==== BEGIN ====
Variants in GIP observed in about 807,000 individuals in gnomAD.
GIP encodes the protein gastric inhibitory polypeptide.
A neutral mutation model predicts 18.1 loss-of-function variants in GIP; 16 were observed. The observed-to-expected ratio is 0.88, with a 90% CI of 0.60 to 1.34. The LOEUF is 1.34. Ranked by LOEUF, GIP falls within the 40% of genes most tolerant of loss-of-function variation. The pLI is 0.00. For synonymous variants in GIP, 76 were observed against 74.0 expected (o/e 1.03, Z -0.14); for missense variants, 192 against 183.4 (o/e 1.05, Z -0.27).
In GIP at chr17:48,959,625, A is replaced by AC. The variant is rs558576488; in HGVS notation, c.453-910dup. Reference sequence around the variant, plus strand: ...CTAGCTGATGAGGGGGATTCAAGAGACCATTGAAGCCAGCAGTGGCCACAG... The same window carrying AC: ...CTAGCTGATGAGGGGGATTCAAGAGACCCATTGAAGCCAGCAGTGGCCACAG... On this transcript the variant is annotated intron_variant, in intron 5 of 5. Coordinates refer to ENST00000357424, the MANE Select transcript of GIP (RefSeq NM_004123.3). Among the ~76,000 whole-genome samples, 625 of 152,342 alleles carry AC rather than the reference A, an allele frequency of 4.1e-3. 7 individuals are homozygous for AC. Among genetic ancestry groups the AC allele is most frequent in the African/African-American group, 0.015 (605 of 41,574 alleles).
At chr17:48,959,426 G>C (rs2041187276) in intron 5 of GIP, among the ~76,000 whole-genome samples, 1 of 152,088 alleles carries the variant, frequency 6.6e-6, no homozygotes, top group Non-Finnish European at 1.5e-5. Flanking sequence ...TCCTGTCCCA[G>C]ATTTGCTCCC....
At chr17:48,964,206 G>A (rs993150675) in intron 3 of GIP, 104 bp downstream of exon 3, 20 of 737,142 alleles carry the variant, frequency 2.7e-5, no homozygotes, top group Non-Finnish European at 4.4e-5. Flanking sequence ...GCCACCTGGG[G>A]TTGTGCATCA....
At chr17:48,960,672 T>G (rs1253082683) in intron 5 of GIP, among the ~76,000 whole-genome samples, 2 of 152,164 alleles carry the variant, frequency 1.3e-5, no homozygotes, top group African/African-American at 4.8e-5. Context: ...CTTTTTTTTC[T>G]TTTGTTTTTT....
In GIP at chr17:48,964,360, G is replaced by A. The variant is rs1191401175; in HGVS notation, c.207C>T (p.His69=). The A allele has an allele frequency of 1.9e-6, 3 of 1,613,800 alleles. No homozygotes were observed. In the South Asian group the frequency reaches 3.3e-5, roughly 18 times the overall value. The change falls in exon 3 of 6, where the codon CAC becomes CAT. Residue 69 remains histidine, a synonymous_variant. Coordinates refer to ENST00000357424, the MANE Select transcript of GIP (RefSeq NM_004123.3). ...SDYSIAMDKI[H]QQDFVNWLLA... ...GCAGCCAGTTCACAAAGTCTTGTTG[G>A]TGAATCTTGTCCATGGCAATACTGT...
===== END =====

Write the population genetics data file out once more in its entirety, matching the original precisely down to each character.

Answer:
Variants in GIP observed in about 807,000 individuals in gnomAD.
GIP encodes the protein gastric inhibitory polypeptide.
A neutral mutation model predicts 18.1 loss-of-function variants in GIP; 16 were observed. The observed-to-expected ratio is 0.88, with a 90% CI of 0.60 to 1.34. The LOEUF is 1.34. Ranked by LOEUF, GIP falls within the 40% of genes most tolerant of loss-of-function variation. The pLI is 0.00. For synonymous variants in GIP, 76 were observed against 74.0 expected (o/e 1.03, Z -0.14); for missense variants, 192 against 183.4 (o/e 1.05, Z -0.27).
In GIP at chr17:48,959,625, A is replaced by AC. The variant is rs558576488; in HGVS notation, c.453-910dup. Reference sequence around the variant, plus strand: ...CTAGCTGATGAGGGGGATTCAAGAGACCATTGAAGCCAGCAGTGGCCACAG... The same window carrying AC: ...CTAGCTGATGAGGGGGATTCAAGAGACCCATTGAAGCCAGCAGTGGCCACAG... On this transcript the variant is annotated intron_variant, in intron 5 of 5. Coordinates refer to ENST00000357424, the MANE Select transcript of GIP (RefSeq NM_004123.3). Among the ~76,000 whole-genome samples, 625 of 152,342 alleles carry AC rather than the reference A, an allele frequency of 4.1e-3. 7 individuals are homozygous for AC. Among genetic ancestry groups the AC allele is most frequent in the African/African-American group, 0.015 (605 of 41,574 alleles).
At chr17:48,959,426 G>C (rs2041187276) in intron 5 of GIP, among the ~76,000 whole-genome samples, 1 of 152,088 alleles carries the variant, frequency 6.6e-6, no homozygotes, top group Non-Finnish European at 1.5e-5. Flanking sequence ...TCCTGTCCCA[G>C]ATTTGCTCCC....
At chr17:48,964,206 G>A (rs993150675) in intron 3 of GIP, 104 bp downstream of exon 3, 20 of 737,142 alleles carry the variant, frequency 2.7e-5, no homozygotes, top group Non-Finnish European at 4.4e-5. Flanking sequence ...GCCACCTGGG[G>A]TTGTGCATCA....
At chr17:48,960,672 T>G (rs1253082683) in intron 5 of GIP, among the ~76,000 whole-genome samples, 2 of 152,164 alleles carry the variant, frequency 1.3e-5, no homozygotes, top group African/African-American at 4.8e-5. Context: ...CTTTTTTTTC[T>G]TTTGTTTTTT....
In GIP at chr17:48,964,360, G is replaced by A. The variant is rs1191401175; in HGVS notation, c.207C>T (p.His69=). The A allele has an allele frequency of 1.9e-6, 3 of 1,613,800 alleles. No homozygotes were observed. In the South Asian group the frequency reaches 3.3e-5, roughly 18 times the overall value. The change falls in exon 3 of 6, where the codon CAC becomes CAT. Residue 69 remains histidine, a synonymous_variant. Coordinates refer to ENST00000357424, the MANE Select transcript of GIP (RefSeq NM_004123.3). ...SDYSIAMDKI[H]QQDFVNWLLA... ...GCAGCCAGTTCACAAAGTCTTGTTG[G>A]TGAATCTTGTCCATGGCAATACTGT...